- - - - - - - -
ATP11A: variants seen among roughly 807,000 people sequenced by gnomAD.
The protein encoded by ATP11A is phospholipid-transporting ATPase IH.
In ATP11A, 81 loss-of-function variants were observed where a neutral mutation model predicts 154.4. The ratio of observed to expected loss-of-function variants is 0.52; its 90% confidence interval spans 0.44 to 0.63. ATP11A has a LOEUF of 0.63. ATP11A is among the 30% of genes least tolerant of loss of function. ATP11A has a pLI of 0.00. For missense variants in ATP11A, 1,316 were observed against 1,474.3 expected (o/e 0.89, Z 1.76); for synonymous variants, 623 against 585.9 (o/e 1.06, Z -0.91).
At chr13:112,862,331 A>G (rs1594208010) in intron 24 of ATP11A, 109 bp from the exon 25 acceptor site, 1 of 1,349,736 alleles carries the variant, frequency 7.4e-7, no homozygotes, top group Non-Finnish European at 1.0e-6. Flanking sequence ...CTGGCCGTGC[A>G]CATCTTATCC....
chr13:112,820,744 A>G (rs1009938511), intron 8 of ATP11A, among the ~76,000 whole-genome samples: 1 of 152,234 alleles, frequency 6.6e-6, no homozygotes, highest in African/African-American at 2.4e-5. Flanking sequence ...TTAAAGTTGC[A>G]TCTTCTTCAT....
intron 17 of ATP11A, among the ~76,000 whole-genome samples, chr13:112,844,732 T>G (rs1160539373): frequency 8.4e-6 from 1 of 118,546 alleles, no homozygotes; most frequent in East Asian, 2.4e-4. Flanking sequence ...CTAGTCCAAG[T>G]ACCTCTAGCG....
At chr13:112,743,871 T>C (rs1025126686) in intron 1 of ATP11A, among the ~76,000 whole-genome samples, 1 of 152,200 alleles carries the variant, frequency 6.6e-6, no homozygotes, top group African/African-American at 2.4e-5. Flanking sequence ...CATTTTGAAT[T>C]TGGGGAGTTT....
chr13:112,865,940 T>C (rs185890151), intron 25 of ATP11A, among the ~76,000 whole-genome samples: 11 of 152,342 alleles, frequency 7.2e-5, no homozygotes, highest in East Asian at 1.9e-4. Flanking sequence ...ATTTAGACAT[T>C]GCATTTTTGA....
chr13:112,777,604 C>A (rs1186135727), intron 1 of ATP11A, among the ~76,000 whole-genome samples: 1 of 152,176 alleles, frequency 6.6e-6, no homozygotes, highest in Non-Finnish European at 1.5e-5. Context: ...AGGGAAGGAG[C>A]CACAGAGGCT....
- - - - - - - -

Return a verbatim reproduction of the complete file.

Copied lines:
ATP11A: variants seen among roughly 807,000 people sequenced by gnomAD.
The protein encoded by ATP11A is phospholipid-transporting ATPase IH.
In ATP11A, 81 loss-of-function variants were observed where a neutral mutation model predicts 154.4. The ratio of observed to expected loss-of-function variants is 0.52; its 90% confidence interval spans 0.44 to 0.63. ATP11A has a LOEUF of 0.63. ATP11A is among the 30% of genes least tolerant of loss of function. ATP11A has a pLI of 0.00. For missense variants in ATP11A, 1,316 were observed against 1,474.3 expected (o/e 0.89, Z 1.76); for synonymous variants, 623 against 585.9 (o/e 1.06, Z -0.91).
At chr13:112,862,331 A>G (rs1594208010) in intron 24 of ATP11A, 109 bp from the exon 25 acceptor site, 1 of 1,349,736 alleles carries the variant, frequency 7.4e-7, no homozygotes, top group Non-Finnish European at 1.0e-6. Flanking sequence ...CTGGCCGTGC[A>G]CATCTTATCC....
chr13:112,820,744 A>G (rs1009938511), intron 8 of ATP11A, among the ~76,000 whole-genome samples: 1 of 152,234 alleles, frequency 6.6e-6, no homozygotes, highest in African/African-American at 2.4e-5. Flanking sequence ...TTAAAGTTGC[A>G]TCTTCTTCAT....
intron 17 of ATP11A, among the ~76,000 whole-genome samples, chr13:112,844,732 T>G (rs1160539373): frequency 8.4e-6 from 1 of 118,546 alleles, no homozygotes; most frequent in East Asian, 2.4e-4. Flanking sequence ...CTAGTCCAAG[T>G]ACCTCTAGCG....
At chr13:112,743,871 T>C (rs1025126686) in intron 1 of ATP11A, among the ~76,000 whole-genome samples, 1 of 152,200 alleles carries the variant, frequency 6.6e-6, no homozygotes, top group African/African-American at 2.4e-5. Flanking sequence ...CATTTTGAAT[T>C]TGGGGAGTTT....
chr13:112,865,940 T>C (rs185890151), intron 25 of ATP11A, among the ~76,000 whole-genome samples: 11 of 152,342 alleles, frequency 7.2e-5, no homozygotes, highest in East Asian at 1.9e-4. Flanking sequence ...ATTTAGACAT[T>C]GCATTTTTGA....
chr13:112,777,604 C>A (rs1186135727), intron 1 of ATP11A, among the ~76,000 whole-genome samples: 1 of 152,176 alleles, frequency 6.6e-6, no homozygotes, highest in Non-Finnish European at 1.5e-5. Context: ...AGGGAAGGAG[C>A]CACAGAGGCT....